Eating Your Way – Is it Okay?

This year’s National Nutrition Month® theme states to “Eat Right, Your Way, Every Day”. I think this is a great slogan. Many folks however, may ask: Does eating right allow treats like salty snacks or sweets? Or fried food? I say yes, as long as “your way” includes some portion control and balance.

Unfortunately, some people tend to think in black and white terms when it comes to sweets or other foods that should only be eaten occasionally. Sugar is considered an “empty calorie” (void of nutrients). If an overweight client reports a high sugar intake, I surely will suggest they reduce their intake of sugar as a first tactic toward calorie reduction, but sugar isn’t the only calorie that counts, nor is it the only consideration when evaluating a person’s diet. Yet the media continues to publish sensationalized news stories that suggest that sugar is your biggest problem, misleading consumers to think that any amount of sugar is “bad”.

I have an issue with this, because I feel that normal eating behavior (or “eating right”) can include a variety of foods, none of which should be considered “bad” or make a person associate guilt with eating them. Sure, healthy eating should include as many fresh foods as possible, including lots of fruits and vegetables, and provide adequate supplies of essential nutrients (in which sugar is not), but don’t be misled by every headline. Even sugary cereal can be an okay indulgence, as long as it’s not a staple on your shopping list (for years, I used to tell my children that we could only buy a certain “leprechaun cereal” during the month of March (ironically National Nutrition Month). But this made it a special treat and something to look forward to. They’d enjoy it, sometimes twice a day, and then be over it when the box was empty).

A recent AP article misled readers by implying that sugary beverages don’t just add calories but may change brain chemistry. The article also suggested that the population should ‘limit fructose and high fructose corn syrup’ (HFCS) as a way to combat the issue. The small study used magnetic resonance imaging, or MRI, scans to “track blood flow in the brain in 20 young, normal-weight people before and after they had drinks containing glucose or fructose in two sessions spaced several weeks apart.”

Much of the nutrition and medical news you read each week is very misleading, because a person uninvolved in the research may report some aspect of a study, without analysis. Let’s take a more analytical look at this article which contained all sorts of misinformation:

MISLEADING: “Fructose, a common sugar found in the U.S. diet…”

FACT: Fructose is not a common sugar in the diet, and in fact, pure fructose is rarely used, although you will see it on the ingredient list of some packaged foods. The fructose-sweetened and glucose-sweetened beverages used in the study are not available on the US market.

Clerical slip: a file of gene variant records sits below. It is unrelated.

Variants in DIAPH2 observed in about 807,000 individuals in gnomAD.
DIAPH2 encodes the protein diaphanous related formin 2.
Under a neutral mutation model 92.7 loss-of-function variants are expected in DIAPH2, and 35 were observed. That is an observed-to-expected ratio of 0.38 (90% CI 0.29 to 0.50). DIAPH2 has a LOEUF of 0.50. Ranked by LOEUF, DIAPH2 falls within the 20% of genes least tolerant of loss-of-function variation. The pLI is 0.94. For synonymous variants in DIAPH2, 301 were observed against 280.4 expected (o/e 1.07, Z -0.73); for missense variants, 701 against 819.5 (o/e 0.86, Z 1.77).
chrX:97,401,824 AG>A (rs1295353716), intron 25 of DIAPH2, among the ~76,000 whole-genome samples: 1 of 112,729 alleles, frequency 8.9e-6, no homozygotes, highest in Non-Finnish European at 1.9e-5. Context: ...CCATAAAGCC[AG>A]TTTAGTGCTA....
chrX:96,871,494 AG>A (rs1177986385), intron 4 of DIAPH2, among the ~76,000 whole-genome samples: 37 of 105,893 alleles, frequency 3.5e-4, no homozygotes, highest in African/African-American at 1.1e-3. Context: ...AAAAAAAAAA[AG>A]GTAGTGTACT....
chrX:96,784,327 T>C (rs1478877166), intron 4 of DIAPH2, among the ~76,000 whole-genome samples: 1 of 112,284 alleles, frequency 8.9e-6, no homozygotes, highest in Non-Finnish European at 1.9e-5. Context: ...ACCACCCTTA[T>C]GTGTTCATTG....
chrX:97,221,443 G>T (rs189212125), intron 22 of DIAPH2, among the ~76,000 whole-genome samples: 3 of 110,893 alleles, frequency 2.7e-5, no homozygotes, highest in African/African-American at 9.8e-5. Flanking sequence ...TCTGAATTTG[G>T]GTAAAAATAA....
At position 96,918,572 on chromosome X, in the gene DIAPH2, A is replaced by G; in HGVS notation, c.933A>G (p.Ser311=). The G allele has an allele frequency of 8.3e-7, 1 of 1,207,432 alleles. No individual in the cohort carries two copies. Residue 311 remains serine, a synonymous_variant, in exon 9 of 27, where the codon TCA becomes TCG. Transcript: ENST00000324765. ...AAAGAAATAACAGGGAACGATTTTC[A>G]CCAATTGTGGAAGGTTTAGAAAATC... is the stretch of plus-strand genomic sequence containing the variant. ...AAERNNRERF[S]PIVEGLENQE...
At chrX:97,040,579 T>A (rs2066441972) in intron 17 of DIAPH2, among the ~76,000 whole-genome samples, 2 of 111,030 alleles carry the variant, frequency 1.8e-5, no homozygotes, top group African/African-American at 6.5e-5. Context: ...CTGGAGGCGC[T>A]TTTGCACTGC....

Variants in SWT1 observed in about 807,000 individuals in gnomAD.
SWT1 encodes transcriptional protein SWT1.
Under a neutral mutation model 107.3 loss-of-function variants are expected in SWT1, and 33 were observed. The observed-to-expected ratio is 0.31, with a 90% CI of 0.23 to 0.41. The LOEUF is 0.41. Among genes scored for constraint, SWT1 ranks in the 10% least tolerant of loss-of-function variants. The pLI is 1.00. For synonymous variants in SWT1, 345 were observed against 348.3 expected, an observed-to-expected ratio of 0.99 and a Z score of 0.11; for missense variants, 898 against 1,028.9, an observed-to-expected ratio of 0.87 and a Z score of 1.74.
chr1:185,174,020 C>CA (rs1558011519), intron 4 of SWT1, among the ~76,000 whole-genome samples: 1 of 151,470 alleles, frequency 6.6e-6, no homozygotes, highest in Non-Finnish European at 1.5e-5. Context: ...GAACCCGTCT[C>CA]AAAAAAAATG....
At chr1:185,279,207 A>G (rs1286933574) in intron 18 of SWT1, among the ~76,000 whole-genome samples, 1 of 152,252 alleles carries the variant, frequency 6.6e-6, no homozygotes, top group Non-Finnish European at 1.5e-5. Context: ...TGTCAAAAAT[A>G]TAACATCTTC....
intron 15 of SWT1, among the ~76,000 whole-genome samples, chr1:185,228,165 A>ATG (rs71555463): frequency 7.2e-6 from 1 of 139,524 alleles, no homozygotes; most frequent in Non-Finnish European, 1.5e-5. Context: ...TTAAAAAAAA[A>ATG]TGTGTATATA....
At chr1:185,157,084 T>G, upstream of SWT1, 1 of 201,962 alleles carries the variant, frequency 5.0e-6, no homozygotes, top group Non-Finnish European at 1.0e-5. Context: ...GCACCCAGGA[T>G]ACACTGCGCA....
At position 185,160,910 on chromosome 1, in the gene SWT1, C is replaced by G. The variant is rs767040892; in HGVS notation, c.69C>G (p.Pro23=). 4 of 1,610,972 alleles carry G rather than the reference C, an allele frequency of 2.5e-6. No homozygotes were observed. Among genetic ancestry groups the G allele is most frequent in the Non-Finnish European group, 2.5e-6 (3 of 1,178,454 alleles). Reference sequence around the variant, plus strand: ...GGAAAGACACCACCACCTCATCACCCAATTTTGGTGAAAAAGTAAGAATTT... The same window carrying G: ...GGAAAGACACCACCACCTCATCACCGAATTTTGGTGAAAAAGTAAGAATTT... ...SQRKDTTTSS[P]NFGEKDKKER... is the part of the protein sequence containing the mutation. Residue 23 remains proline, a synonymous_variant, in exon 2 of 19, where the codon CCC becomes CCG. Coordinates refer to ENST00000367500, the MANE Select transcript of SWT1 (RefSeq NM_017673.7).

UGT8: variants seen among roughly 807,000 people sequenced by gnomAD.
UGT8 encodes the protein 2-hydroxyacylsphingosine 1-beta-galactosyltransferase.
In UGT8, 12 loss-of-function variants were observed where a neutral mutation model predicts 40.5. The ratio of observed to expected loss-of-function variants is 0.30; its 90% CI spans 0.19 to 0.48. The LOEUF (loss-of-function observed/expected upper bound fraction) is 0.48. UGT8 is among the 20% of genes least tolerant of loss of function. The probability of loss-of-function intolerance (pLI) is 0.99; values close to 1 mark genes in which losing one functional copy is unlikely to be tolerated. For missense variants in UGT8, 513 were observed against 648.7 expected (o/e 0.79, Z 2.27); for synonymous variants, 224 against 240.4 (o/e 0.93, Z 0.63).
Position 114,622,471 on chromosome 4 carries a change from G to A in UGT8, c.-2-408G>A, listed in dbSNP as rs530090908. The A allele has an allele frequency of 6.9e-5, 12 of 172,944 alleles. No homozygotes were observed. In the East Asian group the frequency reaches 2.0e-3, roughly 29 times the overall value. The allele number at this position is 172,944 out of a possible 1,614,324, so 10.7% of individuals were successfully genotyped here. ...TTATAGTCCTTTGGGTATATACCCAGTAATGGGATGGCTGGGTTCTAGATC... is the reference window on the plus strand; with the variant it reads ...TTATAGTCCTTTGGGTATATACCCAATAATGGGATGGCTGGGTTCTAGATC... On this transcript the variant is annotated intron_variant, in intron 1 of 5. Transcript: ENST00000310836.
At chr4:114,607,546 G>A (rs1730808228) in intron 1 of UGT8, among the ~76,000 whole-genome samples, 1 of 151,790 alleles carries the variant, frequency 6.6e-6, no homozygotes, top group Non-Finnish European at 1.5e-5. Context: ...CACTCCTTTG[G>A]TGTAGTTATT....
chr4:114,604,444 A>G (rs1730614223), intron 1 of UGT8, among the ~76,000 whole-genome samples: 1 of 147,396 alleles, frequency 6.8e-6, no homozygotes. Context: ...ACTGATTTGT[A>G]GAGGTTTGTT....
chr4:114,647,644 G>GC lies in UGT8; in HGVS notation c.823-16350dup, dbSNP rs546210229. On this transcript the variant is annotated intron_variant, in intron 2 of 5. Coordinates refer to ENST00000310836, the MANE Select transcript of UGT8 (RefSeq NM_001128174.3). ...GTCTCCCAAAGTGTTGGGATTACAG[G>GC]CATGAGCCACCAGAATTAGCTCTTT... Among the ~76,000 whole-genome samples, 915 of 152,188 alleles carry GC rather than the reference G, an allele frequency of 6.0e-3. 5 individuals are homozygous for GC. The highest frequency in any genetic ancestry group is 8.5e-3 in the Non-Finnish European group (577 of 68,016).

MISLEADING: “After drinking a fructose beverage, the brain doesn’t register the same feeling of being full as it does when simple glucose is consumed, scientists found.”

FACT: Fructose itself is metabolized differently than sucrose or HFCS, but our market does not offer fructose or glucose sweetened beverages like those used in this study (fruit juice is primarily fructose-sweetened naturally).

MISLEADING: The article also went on to imply that high fructose corn syrup is a “relative” to fructose.

FACT: This implies that they are very similar. Fructose is not sucrose, nor is it high fructose corn syrup. HFCS is no different than table sugar (sucrose) when it comes to how our body metabolizes it. Beverages sweetened with either HFCS or sucrose do not compare in any way to those that would be sweetened with pure fructose.

So the key flaw in this particular study, is that the beverages used are not those typically consumed by the American population: one fructose-sweetened, one glucose sweetened. In the presence of glucose, fructose does not take the same metabolic pathway, so there is a difference between the metabolism of pure fructose versus a fructose/glucose solution, but our supermarket shelves sell sodas and drinks sweetened with either cane or beet sugar (sucrose) or high fructose corn syrup (all glucose-fructose solutions) or artificial sweeteners. We need research that uses beverages and eating patterns that reflect reality.

There’s no question that people who regularly consume large amounts of sugary beverages may also have other unhealthy habits. It’s simplistic to assume that only the sugary beverages matter, and eliminating them will promote weight loss across the nation.

As this debate continues, consider your own health and eating habits, and watch your weight. Work on cutting back on all sugars, if you think you consume a large quantity, and consider what foods you should add to your diet, or change in your lifestyle, instead. Keep your diet enjoyable by trying something new, and not obsessing over the occasional splurge.

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